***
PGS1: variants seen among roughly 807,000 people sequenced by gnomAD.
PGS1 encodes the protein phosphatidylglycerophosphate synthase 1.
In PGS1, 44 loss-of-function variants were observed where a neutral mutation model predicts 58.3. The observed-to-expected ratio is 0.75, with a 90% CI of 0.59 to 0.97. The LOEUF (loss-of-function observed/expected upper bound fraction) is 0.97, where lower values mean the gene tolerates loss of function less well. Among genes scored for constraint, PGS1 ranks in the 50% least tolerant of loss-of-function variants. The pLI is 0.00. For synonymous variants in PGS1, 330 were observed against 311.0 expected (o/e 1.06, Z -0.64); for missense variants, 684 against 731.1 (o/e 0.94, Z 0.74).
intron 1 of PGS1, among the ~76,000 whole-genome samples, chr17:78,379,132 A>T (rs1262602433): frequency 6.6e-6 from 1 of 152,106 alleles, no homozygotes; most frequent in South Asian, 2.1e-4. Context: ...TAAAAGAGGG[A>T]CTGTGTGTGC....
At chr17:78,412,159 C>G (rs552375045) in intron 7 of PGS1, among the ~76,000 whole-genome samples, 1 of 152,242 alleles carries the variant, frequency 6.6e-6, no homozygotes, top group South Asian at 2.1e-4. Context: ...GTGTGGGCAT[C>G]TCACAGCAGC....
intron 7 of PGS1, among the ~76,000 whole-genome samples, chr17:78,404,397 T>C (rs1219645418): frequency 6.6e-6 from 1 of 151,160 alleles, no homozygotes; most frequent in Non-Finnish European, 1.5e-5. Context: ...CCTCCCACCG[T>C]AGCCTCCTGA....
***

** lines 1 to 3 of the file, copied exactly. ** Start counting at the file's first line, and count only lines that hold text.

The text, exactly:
PGS1: variants seen among roughly 807,000 people sequenced by gnomAD.
PGS1 encodes the protein phosphatidylglycerophosphate synthase 1.
In PGS1, 44 loss-of-function variants were observed where a neutral mutation model predicts 58.3. The observed-to-expected ratio is 0.75, with a 90% CI of 0.59 to 0.97. The LOEUF (loss-of-function observed/expected upper bound fraction) is 0.97, where lower values mean the gene tolerates loss of function less well. Among genes scored for constraint, PGS1 ranks in the 50% least tolerant of loss-of-function variants. The pLI is 0.00. For synonymous variants in PGS1, 330 were observed against 311.0 expected (o/e 1.06, Z -0.64); for missense variants, 684 against 731.1 (o/e 0.94, Z 0.74).